In 2020, Colombia joined the OECD as the 37th Member of the Organisation, bringing to a successful conclusion an accession process that began in 2013. During the accession process, Colombia made important reforms and progress in the area of labour market and social policies, converging towards OECD best policies and practices. However, the OECD invited the Colombian government to continue its reform agenda in four areas in particular: (1) labour informality and subcontracting; (2) labour law enforcement; (3) collective bargaining; and (4) crimes against trade unionists. This report is the first assessment since Colombia’s accession to the OECD.
Many Latin American countries have experienced improvements in income over recent decades, with several of them now classified as high-income or upper middle-income in terms of conventional metrics. But has this change been mirrored in improvements across the different areas of people’s lives? How’s Life in Latin America? Measuring Well-being for Policy Making addresses this question by presenting comparative evidence for Latin America and the Caribbean (LAC) with a focus on 11 LAC countries (Argentina, Brazil, Chile, Colombia, Costa Rica, the Dominican Republic, Ecuador, Mexico, Paraguay, Peru and Uruguay). Spanning material conditions, quality of life, resources for future well-being, and inequalities, the report presents available evidence on well-being both before and since the onset of the pandemic, based on the OECD Well-being Framework. It also identifies priorities for addressing well-being gaps and describes how well-being frameworks are used in policy within Latin America and elsewhere around the world, providing lessons for governments on what is needed to put people’s well-being at the centre of their action. The report is part of the EU Regional Facility for Development in Transition for Latin America and the Caribbean.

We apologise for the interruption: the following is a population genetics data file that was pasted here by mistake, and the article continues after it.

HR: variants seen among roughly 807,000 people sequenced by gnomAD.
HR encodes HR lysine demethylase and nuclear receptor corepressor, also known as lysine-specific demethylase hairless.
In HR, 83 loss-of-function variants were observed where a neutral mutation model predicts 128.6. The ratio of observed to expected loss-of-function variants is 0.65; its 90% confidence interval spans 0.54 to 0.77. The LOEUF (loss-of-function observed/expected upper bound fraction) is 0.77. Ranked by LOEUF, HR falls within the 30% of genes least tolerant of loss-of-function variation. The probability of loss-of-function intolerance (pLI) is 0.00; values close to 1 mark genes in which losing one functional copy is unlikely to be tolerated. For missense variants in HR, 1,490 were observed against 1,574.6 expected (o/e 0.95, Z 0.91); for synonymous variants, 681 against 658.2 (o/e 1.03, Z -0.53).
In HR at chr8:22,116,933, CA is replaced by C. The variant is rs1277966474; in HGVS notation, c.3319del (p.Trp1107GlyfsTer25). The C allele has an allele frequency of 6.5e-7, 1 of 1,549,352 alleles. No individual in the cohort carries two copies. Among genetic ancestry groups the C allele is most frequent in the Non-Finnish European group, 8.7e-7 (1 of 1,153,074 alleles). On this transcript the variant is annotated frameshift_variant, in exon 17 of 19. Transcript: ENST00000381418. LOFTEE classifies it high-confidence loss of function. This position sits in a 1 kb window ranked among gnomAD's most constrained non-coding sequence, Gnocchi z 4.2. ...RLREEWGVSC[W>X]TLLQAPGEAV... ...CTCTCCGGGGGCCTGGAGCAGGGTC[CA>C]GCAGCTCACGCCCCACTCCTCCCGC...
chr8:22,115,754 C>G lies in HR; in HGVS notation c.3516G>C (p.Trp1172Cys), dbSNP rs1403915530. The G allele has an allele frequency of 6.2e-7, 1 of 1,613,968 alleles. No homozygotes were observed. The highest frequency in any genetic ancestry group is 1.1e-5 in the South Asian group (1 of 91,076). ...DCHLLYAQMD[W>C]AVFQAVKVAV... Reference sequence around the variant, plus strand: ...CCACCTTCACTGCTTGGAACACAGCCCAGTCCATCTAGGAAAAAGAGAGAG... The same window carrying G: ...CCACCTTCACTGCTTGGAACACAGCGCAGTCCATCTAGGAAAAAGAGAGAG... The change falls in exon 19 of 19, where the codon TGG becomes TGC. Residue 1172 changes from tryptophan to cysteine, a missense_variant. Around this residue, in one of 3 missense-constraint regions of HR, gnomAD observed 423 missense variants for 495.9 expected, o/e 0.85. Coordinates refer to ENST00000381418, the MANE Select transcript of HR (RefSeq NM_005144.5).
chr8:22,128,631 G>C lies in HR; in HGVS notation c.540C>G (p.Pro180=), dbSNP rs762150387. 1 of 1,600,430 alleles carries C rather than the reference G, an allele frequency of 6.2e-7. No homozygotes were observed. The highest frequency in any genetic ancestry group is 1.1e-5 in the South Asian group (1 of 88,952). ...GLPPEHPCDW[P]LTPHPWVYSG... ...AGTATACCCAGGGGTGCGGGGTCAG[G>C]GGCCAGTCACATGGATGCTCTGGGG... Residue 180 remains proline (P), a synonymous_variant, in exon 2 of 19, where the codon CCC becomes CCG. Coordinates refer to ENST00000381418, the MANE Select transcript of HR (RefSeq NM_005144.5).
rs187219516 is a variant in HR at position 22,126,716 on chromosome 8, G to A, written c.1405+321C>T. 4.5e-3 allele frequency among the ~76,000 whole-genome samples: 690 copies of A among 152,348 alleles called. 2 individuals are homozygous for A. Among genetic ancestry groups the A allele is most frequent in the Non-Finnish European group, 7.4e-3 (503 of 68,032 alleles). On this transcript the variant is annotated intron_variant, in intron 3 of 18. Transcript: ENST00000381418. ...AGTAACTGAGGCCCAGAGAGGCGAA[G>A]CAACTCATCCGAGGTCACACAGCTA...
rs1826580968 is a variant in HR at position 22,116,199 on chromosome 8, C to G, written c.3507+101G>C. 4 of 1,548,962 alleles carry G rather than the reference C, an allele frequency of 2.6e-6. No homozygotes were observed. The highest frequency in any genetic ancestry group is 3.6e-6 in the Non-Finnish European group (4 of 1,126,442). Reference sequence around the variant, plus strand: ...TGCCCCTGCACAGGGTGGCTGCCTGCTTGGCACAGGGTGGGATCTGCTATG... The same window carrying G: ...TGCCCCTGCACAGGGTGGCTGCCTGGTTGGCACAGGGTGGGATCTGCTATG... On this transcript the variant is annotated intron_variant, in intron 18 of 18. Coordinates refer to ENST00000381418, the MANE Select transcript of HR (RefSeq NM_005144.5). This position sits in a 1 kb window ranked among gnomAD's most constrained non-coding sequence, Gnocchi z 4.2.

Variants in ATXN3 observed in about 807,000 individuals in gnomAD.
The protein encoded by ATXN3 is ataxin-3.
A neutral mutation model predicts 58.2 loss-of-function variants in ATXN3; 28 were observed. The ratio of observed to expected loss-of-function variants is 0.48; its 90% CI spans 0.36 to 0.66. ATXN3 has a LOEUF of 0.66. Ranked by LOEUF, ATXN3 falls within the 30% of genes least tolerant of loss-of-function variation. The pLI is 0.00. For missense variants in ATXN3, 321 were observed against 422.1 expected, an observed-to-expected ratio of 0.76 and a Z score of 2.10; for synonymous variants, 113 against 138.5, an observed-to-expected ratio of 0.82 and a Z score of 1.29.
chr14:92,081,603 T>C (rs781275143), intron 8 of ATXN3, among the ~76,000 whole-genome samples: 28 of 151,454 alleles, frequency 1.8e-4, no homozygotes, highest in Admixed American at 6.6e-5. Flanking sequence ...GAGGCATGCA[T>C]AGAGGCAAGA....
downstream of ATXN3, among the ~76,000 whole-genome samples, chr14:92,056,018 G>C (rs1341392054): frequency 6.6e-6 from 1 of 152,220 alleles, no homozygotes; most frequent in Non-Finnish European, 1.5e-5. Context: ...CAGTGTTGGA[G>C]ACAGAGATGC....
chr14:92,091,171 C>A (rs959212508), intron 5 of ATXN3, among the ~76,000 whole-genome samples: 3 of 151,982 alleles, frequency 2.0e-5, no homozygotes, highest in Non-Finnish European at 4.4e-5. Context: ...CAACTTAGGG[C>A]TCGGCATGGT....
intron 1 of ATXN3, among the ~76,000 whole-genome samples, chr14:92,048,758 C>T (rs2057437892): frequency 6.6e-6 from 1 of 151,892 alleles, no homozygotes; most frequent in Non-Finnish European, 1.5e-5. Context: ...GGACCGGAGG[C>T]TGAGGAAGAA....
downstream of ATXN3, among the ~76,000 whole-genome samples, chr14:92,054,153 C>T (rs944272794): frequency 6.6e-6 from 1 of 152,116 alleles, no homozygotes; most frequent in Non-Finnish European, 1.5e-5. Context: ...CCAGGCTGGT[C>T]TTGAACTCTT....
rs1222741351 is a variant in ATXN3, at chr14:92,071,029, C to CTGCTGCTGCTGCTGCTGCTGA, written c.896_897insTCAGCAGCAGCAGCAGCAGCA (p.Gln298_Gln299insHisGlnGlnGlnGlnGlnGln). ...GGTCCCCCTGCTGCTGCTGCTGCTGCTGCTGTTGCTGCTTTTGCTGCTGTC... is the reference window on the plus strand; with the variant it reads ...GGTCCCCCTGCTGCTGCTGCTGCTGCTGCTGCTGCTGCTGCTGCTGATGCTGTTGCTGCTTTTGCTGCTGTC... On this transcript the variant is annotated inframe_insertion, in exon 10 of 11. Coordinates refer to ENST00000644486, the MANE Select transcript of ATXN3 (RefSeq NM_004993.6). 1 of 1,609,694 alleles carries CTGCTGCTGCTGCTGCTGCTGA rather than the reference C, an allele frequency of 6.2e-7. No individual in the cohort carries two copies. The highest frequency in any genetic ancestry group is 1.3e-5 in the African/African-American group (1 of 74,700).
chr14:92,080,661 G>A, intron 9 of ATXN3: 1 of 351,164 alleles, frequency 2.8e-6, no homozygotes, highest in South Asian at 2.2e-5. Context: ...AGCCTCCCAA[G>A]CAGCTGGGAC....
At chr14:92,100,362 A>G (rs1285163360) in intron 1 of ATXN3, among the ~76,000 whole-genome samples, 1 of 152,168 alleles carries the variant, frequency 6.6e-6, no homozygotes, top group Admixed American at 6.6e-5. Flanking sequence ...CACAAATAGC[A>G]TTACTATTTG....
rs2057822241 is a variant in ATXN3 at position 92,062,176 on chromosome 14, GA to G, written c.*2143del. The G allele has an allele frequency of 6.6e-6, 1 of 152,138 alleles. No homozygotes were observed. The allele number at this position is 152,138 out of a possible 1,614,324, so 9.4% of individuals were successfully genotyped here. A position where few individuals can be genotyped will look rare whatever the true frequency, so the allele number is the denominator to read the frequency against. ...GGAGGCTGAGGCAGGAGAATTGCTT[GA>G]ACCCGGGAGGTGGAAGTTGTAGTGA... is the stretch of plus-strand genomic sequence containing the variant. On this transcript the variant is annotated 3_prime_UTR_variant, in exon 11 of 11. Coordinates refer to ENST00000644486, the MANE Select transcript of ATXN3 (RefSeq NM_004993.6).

This report assesses women’s access to justice and women’s political participation in parliament, local councils and civil society organisations in Colombia. It examines existing legal, political and institutional frameworks in order to better understand successes, challenges and implementation gaps in the government’s pursuit of access to justice and gender equality. The report also offers examples of different approaches in OECD member and partner countries to support Colombia in closing gender gaps. Based on this analysis, the report proposes actionable solutions to help Colombia design and deliver policies that effectively promote women’s political participation and access to justice, including for survivors of gender based violence.